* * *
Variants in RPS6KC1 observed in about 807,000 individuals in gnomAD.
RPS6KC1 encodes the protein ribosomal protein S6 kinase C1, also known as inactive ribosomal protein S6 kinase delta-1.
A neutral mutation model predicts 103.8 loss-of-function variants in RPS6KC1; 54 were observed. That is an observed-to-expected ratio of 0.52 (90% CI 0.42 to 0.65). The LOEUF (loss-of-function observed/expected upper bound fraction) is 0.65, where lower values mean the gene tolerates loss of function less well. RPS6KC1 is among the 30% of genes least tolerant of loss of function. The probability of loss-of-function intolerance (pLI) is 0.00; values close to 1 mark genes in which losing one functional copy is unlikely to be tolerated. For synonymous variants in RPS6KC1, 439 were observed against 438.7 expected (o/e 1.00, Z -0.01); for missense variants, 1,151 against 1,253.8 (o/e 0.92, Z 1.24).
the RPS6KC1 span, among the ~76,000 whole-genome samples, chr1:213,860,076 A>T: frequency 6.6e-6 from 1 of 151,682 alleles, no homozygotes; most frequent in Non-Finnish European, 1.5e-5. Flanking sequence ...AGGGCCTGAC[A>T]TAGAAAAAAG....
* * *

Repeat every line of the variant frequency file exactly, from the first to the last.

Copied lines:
Variants in RPS6KC1 observed in about 807,000 individuals in gnomAD.
RPS6KC1 encodes the protein ribosomal protein S6 kinase C1, also known as inactive ribosomal protein S6 kinase delta-1.
A neutral mutation model predicts 103.8 loss-of-function variants in RPS6KC1; 54 were observed. That is an observed-to-expected ratio of 0.52 (90% CI 0.42 to 0.65). The LOEUF (loss-of-function observed/expected upper bound fraction) is 0.65, where lower values mean the gene tolerates loss of function less well. RPS6KC1 is among the 30% of genes least tolerant of loss of function. The probability of loss-of-function intolerance (pLI) is 0.00; values close to 1 mark genes in which losing one functional copy is unlikely to be tolerated. For synonymous variants in RPS6KC1, 439 were observed against 438.7 expected (o/e 1.00, Z -0.01); for missense variants, 1,151 against 1,253.8 (o/e 0.92, Z 1.24).
the RPS6KC1 span, among the ~76,000 whole-genome samples, chr1:213,860,076 A>T: frequency 6.6e-6 from 1 of 151,682 alleles, no homozygotes; most frequent in Non-Finnish European, 1.5e-5. Flanking sequence ...AGGGCCTGAC[A>T]TAGAAAAAAG....